Why one film is going where no woman has gone before: Wall Street's CEO suite

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A group of women explain to CNBC's "On the Money" how they're addressing the lack of female representation on Wall Street--by making a movie about it.

In a week when Hillary Clinton became the first female presidential nominee, Wall Street largely remains a man's club in the C suite.

There has never been a female CEO at any of the 22 largest U.S. investment banks, according to Catalyst, a non-profit that tracks women in the workplace. Now, a group of women are looking to remedy the situation—at least on the big screen.

"Women get to a certain level and they cannot break the glass ceiling," actress and producer Sarah Megan Thomas said to CNBC's On The Money in an interview. "They just don't go any higher for some reason."

Produced by Thomas and fellow actress Alysia Reiner, "Equity" is a new Wall Street movie exploring and challenging those barriers. The film is written by, directed by, produced by and stars women.

Thomas describes the film as "an entertaining thriller" and "the most realistic Wall Street movie that we've ever seen that depicts this post-financial crisis world."

Reiner, who played "Fig"—the tough assistant warden in the Netflix series, "Orange Is the New Black" — told CNBC she wasn't sold on the concept of the project when Thomas initially approached her with it.

"Sarah came to me with this idea, 'What about a woman on Wall Street?' And at first, I wasn't that interested," Reiner said.

Then, Reiner spoke to top female financial executives about the struggles they faced rising in the Wall Street workplace. "I started talking to these women and talking to friends who consult in this world." She said "hearing their stories, truly hearing the inequity, I felt like we had to tell this story.

According to federal employment data, women in the financial services industry among S&P 500 companies hold just under 19 percent of the board seats compared to their male counterparts. Meanwhile, they are just 29 percent of the senior executive positions despite being more than 54 percent of the industry workforce.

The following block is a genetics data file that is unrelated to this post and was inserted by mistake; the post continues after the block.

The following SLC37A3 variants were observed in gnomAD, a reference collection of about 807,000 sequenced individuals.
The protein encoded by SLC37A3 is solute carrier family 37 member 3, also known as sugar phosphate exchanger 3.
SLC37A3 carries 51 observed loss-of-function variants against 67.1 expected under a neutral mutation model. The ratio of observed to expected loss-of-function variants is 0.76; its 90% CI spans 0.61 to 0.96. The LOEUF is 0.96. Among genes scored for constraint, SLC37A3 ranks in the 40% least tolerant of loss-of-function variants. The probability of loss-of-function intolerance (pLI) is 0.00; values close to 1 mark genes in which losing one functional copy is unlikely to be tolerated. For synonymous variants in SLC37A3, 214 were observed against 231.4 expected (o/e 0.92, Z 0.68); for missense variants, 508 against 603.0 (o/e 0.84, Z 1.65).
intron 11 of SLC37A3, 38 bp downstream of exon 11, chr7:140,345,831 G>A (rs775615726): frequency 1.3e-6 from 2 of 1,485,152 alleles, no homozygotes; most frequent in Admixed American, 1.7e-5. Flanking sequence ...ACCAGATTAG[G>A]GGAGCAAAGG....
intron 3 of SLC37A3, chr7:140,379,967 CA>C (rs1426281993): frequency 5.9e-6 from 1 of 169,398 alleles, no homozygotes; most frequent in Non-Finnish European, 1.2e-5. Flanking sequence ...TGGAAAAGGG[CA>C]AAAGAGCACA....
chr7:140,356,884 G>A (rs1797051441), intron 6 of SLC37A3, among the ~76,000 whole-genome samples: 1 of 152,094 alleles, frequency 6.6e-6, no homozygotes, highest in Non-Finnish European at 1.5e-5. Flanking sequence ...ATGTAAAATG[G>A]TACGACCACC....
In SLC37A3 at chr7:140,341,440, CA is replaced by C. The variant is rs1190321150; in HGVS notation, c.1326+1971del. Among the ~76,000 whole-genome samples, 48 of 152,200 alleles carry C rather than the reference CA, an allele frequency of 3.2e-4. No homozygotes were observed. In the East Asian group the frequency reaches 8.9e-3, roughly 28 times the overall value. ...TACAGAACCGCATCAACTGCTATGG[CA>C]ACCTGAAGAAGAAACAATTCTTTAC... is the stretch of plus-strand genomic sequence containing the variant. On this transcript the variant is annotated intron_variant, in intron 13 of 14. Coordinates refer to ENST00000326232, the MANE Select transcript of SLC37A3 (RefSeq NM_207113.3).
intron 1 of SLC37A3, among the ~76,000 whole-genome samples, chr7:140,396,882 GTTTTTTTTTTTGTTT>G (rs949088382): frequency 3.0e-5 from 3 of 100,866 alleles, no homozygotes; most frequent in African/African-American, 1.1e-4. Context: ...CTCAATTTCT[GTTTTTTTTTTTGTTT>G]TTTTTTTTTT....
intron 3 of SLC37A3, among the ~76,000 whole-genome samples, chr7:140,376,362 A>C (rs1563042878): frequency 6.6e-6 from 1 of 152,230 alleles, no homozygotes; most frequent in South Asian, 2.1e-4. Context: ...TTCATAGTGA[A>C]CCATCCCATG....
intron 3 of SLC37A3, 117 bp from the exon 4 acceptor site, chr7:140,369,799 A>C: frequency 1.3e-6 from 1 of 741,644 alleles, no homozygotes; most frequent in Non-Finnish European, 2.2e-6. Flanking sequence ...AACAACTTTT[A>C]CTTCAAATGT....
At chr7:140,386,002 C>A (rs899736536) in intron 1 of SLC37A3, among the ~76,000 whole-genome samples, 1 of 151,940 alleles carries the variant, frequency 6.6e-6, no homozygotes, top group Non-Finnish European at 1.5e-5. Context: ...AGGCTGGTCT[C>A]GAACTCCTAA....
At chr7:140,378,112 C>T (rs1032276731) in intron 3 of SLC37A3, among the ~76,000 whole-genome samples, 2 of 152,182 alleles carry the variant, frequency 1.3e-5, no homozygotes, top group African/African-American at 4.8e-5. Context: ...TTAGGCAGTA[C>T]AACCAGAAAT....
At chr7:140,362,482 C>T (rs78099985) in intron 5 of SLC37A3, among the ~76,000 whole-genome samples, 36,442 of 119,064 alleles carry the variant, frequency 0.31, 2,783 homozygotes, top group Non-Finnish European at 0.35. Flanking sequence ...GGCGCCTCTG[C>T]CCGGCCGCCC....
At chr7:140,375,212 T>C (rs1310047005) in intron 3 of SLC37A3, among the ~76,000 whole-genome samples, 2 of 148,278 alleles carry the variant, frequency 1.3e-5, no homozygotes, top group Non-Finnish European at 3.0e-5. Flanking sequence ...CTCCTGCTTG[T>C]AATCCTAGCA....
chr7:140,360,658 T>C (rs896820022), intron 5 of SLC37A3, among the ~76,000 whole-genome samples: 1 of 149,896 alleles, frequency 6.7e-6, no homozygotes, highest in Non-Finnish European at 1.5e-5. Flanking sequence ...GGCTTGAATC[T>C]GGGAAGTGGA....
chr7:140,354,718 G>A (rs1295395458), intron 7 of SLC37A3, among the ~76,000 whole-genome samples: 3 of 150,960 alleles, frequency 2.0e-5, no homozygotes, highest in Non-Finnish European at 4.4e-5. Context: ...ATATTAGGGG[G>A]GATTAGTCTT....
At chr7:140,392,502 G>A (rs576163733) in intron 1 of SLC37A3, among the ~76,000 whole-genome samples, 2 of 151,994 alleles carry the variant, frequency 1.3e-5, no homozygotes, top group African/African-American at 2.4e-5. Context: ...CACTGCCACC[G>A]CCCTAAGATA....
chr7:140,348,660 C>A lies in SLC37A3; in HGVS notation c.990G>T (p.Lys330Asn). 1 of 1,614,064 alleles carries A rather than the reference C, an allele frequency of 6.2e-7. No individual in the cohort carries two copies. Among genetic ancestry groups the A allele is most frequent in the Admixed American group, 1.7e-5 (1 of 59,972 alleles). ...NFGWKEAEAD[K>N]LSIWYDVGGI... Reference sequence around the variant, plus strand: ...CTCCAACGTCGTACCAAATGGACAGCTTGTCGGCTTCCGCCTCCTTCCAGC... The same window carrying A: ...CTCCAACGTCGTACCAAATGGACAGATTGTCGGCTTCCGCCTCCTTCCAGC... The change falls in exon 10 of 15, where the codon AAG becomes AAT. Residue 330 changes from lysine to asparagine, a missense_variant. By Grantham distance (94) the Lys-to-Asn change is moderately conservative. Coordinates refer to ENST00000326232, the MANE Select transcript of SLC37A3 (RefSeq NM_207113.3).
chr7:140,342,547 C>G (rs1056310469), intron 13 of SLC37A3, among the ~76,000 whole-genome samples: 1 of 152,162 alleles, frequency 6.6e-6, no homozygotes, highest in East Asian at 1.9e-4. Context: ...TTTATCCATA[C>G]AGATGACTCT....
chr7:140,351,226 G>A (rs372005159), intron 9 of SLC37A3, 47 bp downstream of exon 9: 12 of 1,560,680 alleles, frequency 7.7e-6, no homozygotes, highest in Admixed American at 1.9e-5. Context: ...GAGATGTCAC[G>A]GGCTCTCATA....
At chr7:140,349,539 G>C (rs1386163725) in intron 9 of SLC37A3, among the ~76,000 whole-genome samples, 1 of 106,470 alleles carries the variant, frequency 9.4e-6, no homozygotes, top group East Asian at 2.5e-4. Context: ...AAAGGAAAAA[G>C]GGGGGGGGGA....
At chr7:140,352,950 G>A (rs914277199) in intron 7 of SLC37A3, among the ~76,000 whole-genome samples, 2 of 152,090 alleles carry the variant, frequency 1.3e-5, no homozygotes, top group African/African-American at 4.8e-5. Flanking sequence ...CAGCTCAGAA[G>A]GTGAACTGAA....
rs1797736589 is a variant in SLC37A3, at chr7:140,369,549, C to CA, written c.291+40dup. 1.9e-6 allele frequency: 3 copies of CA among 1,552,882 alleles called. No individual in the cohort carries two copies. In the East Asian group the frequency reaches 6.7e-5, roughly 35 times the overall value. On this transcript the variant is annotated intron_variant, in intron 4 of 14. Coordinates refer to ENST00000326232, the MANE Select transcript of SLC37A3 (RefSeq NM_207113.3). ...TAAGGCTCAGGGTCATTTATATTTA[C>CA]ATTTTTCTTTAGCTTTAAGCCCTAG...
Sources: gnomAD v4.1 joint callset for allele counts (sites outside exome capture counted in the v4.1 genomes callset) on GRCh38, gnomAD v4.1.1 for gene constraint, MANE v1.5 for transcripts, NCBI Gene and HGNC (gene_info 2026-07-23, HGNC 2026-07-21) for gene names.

Thomas said that what surprised her most during her research "is that women felt they had to hide their pregnancy if they were up for a promotion or it was bonus season.

She added that "if they disclosed that they were pregnant during those times, they either wouldn't get the promotion or wouldn't get paid enough. And we actually put that straight into my character in the script."

In "Equity", Thomas plays the ambitious assistant to an investment banker played by "Breaking Bad" actress Anna Gunn. Gunn has the lead role as investment banker working to take a Silicon Valley startup public, while avoiding the minefields of betrayal and counter ambitions lurking around the deal in every direction.

Thomas told CNBC: "We just wanted to show complex women on screen. What [lengths] will any woman go to to get what they want in life if they're ambitious? And let the audience kind of decide how they feel about that."

Reiner added that women see "the parallels that are across all of corporate America and across our business."

Reiner described reactions to the movie as "amazing. Women coming to us afterwards from all different jobs and saying to us, oh my God, you told my story." However, she stresses "Equity", while almost entirely helmed by women, is not a "chick flick."

Reiner explained that "What's been most exciting is men love it….that's the really fun thing." Why?

"Cause there's three hot broads!" Thomas added, while Reiner chimed in that "Equity" is "a really good date movie because guys love it, because it is a thriller."

The movie opens this weekend in New York and Los Angeles, and nationwide in August.

On the Money airs on CNBC Saturday at 5:30 am ET, or check listings for air times in local markets.

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